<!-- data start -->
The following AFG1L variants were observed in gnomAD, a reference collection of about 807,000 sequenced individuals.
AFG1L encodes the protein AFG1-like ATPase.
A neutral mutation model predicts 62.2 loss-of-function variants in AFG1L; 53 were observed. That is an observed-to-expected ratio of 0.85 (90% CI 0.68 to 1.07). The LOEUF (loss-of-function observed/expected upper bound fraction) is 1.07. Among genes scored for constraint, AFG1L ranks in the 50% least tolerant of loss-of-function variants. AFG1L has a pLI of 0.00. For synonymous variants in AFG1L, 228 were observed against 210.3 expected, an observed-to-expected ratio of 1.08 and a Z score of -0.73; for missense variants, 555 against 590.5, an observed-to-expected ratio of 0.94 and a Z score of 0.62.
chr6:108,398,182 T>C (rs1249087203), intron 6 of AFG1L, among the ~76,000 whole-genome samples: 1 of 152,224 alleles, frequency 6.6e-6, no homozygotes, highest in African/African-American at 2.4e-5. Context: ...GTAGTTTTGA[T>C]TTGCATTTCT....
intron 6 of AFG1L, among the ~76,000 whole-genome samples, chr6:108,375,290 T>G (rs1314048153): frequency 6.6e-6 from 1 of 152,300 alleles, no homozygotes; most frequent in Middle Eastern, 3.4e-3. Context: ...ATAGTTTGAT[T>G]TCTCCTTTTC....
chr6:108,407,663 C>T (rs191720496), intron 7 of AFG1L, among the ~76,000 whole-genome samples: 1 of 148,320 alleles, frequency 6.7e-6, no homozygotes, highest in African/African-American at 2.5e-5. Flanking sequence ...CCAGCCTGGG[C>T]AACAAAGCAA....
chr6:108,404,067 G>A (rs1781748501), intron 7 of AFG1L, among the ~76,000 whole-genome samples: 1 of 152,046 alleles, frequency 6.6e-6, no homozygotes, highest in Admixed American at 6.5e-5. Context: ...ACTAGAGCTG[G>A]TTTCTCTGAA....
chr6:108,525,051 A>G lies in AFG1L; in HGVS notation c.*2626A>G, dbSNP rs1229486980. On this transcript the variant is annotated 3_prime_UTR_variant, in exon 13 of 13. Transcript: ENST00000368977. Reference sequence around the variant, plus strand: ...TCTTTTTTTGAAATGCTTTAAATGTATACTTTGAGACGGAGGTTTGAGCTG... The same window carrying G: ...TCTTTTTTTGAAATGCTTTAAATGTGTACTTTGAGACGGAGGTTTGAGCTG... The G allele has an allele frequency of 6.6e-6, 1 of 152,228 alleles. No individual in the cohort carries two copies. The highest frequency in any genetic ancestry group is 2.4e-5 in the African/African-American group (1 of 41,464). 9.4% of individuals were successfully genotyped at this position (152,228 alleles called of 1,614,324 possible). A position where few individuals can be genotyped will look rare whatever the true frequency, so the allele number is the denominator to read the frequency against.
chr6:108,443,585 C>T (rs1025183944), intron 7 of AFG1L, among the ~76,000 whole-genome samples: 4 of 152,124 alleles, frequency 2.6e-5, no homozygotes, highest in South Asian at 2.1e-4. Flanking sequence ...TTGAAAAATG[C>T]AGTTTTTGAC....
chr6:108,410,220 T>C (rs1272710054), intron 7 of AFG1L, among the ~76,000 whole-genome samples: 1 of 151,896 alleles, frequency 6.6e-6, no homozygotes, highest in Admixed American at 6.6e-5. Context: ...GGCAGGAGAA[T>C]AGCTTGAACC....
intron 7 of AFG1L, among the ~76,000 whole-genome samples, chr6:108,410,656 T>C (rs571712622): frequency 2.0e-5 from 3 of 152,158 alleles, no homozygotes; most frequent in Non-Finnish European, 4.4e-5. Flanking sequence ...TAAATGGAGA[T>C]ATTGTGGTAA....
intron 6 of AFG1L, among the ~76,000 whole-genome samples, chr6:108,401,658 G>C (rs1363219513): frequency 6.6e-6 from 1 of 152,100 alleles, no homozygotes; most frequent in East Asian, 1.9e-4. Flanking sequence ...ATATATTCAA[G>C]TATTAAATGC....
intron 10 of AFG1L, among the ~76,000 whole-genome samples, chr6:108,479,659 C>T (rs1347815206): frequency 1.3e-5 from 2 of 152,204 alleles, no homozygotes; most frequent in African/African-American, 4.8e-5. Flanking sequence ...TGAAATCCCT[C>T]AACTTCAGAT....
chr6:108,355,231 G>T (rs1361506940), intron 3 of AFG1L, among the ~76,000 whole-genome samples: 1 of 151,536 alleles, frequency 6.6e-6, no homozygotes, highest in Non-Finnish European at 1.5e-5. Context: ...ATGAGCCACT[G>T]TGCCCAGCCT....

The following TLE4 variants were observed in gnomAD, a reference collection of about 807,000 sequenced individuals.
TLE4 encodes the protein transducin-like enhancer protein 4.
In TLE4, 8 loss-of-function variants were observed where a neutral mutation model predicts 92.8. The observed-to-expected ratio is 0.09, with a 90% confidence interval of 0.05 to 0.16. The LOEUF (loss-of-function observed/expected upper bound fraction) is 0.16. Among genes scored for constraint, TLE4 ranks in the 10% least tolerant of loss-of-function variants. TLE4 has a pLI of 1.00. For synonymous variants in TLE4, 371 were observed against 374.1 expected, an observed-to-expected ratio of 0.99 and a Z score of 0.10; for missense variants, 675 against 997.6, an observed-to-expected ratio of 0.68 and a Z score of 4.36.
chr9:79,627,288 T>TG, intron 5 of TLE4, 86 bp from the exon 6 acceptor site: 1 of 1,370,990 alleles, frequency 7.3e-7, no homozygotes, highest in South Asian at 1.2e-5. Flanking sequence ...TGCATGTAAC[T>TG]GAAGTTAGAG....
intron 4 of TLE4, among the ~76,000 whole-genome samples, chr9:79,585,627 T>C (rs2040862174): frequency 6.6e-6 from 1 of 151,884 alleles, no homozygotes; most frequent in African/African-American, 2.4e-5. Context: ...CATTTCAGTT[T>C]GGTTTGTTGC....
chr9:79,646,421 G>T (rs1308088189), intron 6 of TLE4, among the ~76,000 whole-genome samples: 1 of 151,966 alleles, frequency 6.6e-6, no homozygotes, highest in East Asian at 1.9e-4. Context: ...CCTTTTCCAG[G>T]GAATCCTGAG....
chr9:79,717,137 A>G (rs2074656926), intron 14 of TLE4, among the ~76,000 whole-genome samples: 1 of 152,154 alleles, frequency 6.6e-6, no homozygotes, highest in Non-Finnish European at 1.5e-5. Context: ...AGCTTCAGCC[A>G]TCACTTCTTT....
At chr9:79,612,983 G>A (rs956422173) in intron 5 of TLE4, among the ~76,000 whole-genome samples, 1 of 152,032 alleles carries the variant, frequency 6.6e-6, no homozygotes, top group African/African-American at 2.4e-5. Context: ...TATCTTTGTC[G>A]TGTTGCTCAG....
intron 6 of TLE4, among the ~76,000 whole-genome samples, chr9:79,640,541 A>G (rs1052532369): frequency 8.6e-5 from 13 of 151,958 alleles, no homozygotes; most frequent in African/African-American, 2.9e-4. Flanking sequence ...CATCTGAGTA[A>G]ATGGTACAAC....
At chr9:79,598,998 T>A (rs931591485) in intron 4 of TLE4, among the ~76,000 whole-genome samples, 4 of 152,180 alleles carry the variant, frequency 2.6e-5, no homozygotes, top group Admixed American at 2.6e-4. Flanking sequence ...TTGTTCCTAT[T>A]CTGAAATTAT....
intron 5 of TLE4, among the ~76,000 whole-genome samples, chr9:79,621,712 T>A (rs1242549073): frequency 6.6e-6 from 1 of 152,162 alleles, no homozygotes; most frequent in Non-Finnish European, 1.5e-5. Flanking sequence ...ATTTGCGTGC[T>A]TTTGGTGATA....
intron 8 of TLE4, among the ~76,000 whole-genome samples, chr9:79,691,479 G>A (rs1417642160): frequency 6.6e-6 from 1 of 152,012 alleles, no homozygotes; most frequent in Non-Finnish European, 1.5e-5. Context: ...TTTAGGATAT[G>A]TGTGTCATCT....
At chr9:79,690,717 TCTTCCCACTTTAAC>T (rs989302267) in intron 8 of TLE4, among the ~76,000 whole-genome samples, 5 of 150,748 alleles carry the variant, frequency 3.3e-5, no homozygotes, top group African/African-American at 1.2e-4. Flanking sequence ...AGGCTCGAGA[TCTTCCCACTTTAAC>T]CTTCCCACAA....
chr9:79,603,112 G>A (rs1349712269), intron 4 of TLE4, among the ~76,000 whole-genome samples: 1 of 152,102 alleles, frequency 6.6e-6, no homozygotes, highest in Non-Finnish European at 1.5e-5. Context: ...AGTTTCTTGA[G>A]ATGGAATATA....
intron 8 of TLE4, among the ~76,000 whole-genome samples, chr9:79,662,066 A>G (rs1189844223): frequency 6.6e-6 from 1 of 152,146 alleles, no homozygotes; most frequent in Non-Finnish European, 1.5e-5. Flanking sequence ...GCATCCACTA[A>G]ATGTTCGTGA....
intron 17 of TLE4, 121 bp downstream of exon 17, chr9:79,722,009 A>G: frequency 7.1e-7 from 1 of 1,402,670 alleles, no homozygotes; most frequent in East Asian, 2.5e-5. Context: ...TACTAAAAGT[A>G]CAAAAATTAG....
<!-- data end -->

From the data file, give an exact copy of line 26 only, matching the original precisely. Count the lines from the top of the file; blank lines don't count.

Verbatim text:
intron 8 of TLE4, among the ~76,000 whole-genome samples, chr9:79,691,479 G>A (rs1417642160): frequency 6.6e-6 from 1 of 152,012 alleles, no homozygotes; most frequent in Non-Finnish European, 1.5e-5. Context: ...TTTAGGATAT[G>A]TGTGTCATCT....